Why Some are Salty About Winter Roads: Road Salt and Stream Salinization

By Cassidy Quistorff  

Winter service truck spreading salt and sand on the road surface to prevent icing

While Virginia has had an unusually warm winter, the effects of many snow and ice storms past are still lingering beneath the snow-less surface. Salt is commonly thought of as a table-side staple but is now becoming one of the biggest pollutants in our rivers, lakes, and groundwater. This is primarily due to the estimated twenty million tons of salt loaded onto the United States’ roadways and sidewalks every winter.

But the salt doesn’t disappear once the ice does. Instead it dissolves, and the resulting sodium and chloride particles make their way into nearby streams and groundwater. Engineered stormwater systems are not equipped to remove these pollutants and they don’t naturally get filtered through soil. This is causing concern for an increasing global problem of salinization of freshwater systems – in 2009, the USGS reported that 2% of drinking water wells had higher chloride levels than EPA’s recommended threshold. As it can take decades or more for salt in groundwater to flush out, the wells are often removed and replaced which incurs a hefty cost. This, in addition to corrosive car damage, road and bridge repairs, and some environmental damages makes overall expenses for disturbances caused by salting roads now exceed $5 billion per year.

A large shed in Montgomery County, Virginia contains road salt for winter application. Photo by Cassidy Quistorff

Road salt and salinization of streams also comes with a price tag on our wildlife.  “I would say it’s the biggest problem facing freshwater,” Dr. Joel Snodgrass stated. The department head of the Fish and Wildlife Conservation at Virginia Tech discussed his concerns with our dependence on salt. Several scientific papers have shown that road de-icing salts have negative impacts on amphibians, such as salamanders and frogs in wetlands nearby. One study on the effects of salt on salamander eggs showed a survival rate of less than 20%. In some northeastern states, even moose and deer have been killed by cars after licking salt from roads. This increase in wildlife decline attributed to road salt has scientists calling on management policies to lessen road salt applications in areas where conservation is a priority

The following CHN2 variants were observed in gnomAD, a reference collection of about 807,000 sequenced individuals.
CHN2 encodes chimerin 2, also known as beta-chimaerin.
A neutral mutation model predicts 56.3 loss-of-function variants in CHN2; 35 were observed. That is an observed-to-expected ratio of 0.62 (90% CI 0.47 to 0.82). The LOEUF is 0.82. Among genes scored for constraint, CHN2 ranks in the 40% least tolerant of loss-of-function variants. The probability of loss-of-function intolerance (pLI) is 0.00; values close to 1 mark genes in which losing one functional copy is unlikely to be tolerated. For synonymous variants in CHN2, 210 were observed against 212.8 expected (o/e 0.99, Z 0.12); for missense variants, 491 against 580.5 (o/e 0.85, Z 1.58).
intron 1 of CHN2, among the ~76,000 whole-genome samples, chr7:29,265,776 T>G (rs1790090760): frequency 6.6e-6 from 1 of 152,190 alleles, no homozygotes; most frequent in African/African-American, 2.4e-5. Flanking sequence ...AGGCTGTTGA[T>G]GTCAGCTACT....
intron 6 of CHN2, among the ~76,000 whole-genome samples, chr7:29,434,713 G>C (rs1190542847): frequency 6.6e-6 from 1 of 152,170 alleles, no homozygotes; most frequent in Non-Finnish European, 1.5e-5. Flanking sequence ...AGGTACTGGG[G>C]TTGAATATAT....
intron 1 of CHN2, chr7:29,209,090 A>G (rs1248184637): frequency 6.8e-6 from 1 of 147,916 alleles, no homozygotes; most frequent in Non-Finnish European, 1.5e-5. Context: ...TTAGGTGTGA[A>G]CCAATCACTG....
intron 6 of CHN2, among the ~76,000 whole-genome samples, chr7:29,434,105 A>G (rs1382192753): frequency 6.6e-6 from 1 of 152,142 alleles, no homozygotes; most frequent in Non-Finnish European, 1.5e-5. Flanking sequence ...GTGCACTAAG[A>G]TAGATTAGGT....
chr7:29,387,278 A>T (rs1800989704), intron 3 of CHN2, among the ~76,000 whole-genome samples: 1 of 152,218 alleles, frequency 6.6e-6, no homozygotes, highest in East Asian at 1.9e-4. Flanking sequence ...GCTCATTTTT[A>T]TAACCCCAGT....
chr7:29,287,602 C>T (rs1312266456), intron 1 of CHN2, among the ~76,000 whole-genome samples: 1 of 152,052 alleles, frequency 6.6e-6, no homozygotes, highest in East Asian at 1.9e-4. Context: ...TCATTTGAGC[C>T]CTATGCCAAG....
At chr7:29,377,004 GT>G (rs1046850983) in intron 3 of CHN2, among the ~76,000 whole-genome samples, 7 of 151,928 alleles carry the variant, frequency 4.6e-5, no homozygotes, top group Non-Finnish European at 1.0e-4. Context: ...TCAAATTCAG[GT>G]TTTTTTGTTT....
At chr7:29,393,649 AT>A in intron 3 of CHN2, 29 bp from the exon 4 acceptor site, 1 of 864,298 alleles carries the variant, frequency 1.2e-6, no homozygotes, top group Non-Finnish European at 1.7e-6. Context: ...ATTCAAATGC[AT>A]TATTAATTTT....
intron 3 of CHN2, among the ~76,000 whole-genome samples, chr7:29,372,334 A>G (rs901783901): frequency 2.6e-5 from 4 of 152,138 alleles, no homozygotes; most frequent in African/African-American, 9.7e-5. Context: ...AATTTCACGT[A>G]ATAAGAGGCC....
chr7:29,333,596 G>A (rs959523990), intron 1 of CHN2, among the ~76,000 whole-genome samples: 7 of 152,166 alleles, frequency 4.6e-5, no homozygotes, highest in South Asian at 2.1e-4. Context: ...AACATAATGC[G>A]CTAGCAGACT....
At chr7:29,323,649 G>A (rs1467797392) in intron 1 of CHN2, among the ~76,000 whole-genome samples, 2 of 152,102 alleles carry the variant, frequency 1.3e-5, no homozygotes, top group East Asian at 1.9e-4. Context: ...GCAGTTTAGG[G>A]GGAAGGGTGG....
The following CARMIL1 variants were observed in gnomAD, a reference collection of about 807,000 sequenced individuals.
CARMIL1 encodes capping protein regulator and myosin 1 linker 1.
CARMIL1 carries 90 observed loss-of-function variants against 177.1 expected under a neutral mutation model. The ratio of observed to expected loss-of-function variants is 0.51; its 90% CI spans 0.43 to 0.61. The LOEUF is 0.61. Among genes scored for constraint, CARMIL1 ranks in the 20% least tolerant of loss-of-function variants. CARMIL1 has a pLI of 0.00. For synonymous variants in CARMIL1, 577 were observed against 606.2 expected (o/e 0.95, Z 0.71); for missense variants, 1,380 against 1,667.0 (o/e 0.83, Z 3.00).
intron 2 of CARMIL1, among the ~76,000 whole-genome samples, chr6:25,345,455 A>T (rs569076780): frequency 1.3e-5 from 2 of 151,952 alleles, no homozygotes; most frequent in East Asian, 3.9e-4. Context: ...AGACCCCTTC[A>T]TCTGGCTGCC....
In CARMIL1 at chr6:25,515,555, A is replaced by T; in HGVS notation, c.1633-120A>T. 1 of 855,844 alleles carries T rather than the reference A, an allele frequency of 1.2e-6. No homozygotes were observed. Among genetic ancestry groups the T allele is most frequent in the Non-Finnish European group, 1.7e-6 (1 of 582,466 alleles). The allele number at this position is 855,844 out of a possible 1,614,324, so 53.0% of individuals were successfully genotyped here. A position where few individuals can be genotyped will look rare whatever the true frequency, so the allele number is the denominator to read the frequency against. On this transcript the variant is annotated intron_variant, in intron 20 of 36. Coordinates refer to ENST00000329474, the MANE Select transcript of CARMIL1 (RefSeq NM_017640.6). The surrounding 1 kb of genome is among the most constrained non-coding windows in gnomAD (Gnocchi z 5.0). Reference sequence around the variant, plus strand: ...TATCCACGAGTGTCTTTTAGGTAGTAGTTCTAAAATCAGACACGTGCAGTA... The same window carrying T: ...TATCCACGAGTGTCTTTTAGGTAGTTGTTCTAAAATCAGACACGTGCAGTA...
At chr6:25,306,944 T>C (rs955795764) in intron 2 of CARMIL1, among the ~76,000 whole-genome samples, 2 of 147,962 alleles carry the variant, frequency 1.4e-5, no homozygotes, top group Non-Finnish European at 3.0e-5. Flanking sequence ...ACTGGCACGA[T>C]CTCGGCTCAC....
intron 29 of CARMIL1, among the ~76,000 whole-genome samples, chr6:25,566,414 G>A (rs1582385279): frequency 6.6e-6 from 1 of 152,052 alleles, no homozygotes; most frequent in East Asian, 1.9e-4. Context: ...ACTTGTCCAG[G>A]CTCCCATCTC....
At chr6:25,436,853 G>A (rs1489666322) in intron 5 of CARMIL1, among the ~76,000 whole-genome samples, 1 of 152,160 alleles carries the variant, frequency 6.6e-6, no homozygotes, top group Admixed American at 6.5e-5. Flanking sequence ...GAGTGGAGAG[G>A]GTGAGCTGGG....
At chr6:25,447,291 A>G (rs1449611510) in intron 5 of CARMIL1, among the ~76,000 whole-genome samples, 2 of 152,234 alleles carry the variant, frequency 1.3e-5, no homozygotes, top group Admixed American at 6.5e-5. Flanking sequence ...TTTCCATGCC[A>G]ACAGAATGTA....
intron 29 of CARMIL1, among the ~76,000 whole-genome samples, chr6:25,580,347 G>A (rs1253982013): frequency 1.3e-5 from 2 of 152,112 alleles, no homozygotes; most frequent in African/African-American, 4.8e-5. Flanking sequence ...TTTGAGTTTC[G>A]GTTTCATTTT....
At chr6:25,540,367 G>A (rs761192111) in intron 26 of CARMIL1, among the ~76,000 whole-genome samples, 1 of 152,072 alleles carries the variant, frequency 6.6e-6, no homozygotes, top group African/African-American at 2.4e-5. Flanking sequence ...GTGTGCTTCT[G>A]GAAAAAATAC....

A Red Back salamander in Blacksburg, Virginia. Photo by Michael Holden, Fish and Wildlife Conservation M.S. student at Virginia Tech

Many are now researching alternatives to our salty roads problem. Beet juice, lab-made chemical solutions, pickle brine, and the creation of ice-free pavements are to name a few. But their practicality and affordability are still in question, and road salt continues to hold the monopoly. At the end of the short winter day, salt is cheap, and cities have limited budgets for winter road safety. With all these factors considered, it’s difficult to see road salt going away anytime soon – both in application and in our freshwater and wetlands nearby. 

Special thank you to Dr. Joel Snodgrass and Dr. Nancy Karraker for their time.

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